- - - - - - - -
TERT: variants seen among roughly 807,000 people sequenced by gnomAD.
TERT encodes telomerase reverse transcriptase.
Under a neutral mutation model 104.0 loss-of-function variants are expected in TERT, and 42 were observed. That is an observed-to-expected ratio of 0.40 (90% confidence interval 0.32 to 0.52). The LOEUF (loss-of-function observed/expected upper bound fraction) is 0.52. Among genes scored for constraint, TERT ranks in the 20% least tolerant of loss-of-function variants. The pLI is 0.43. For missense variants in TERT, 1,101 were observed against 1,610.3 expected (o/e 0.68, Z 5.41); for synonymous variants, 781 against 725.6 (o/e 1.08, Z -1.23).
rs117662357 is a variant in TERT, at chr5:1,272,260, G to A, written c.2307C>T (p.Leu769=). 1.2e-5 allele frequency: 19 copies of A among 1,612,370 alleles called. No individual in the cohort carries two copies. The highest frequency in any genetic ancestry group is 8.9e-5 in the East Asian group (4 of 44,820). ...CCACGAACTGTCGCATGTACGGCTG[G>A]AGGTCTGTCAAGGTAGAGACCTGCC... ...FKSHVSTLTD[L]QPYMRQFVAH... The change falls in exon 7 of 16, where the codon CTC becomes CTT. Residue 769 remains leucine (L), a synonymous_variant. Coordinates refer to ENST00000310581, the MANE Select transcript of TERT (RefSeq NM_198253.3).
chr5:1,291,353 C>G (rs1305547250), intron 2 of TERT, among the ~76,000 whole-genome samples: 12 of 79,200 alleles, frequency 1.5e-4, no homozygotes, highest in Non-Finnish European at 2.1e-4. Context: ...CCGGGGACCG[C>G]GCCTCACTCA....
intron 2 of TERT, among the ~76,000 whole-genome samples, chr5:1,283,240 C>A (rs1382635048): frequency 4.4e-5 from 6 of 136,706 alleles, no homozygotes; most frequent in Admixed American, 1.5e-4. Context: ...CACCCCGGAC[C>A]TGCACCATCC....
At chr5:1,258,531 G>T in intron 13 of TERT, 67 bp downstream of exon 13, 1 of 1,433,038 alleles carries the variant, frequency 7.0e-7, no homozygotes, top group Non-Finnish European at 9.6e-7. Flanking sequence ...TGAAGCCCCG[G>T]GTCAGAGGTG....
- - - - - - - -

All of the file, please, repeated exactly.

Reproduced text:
TERT: variants seen among roughly 807,000 people sequenced by gnomAD.
TERT encodes telomerase reverse transcriptase.
Under a neutral mutation model 104.0 loss-of-function variants are expected in TERT, and 42 were observed. That is an observed-to-expected ratio of 0.40 (90% confidence interval 0.32 to 0.52). The LOEUF (loss-of-function observed/expected upper bound fraction) is 0.52. Among genes scored for constraint, TERT ranks in the 20% least tolerant of loss-of-function variants. The pLI is 0.43. For missense variants in TERT, 1,101 were observed against 1,610.3 expected (o/e 0.68, Z 5.41); for synonymous variants, 781 against 725.6 (o/e 1.08, Z -1.23).
rs117662357 is a variant in TERT, at chr5:1,272,260, G to A, written c.2307C>T (p.Leu769=). 1.2e-5 allele frequency: 19 copies of A among 1,612,370 alleles called. No individual in the cohort carries two copies. The highest frequency in any genetic ancestry group is 8.9e-5 in the East Asian group (4 of 44,820). ...CCACGAACTGTCGCATGTACGGCTG[G>A]AGGTCTGTCAAGGTAGAGACCTGCC... ...FKSHVSTLTD[L]QPYMRQFVAH... The change falls in exon 7 of 16, where the codon CTC becomes CTT. Residue 769 remains leucine (L), a synonymous_variant. Coordinates refer to ENST00000310581, the MANE Select transcript of TERT (RefSeq NM_198253.3).
chr5:1,291,353 C>G (rs1305547250), intron 2 of TERT, among the ~76,000 whole-genome samples: 12 of 79,200 alleles, frequency 1.5e-4, no homozygotes, highest in Non-Finnish European at 2.1e-4. Context: ...CCGGGGACCG[C>G]GCCTCACTCA....
intron 2 of TERT, among the ~76,000 whole-genome samples, chr5:1,283,240 C>A (rs1382635048): frequency 4.4e-5 from 6 of 136,706 alleles, no homozygotes; most frequent in Admixed American, 1.5e-4. Context: ...CACCCCGGAC[C>A]TGCACCATCC....
At chr5:1,258,531 G>T in intron 13 of TERT, 67 bp downstream of exon 13, 1 of 1,433,038 alleles carries the variant, frequency 7.0e-7, no homozygotes, top group Non-Finnish European at 9.6e-7. Flanking sequence ...TGAAGCCCCG[G>T]GTCAGAGGTG....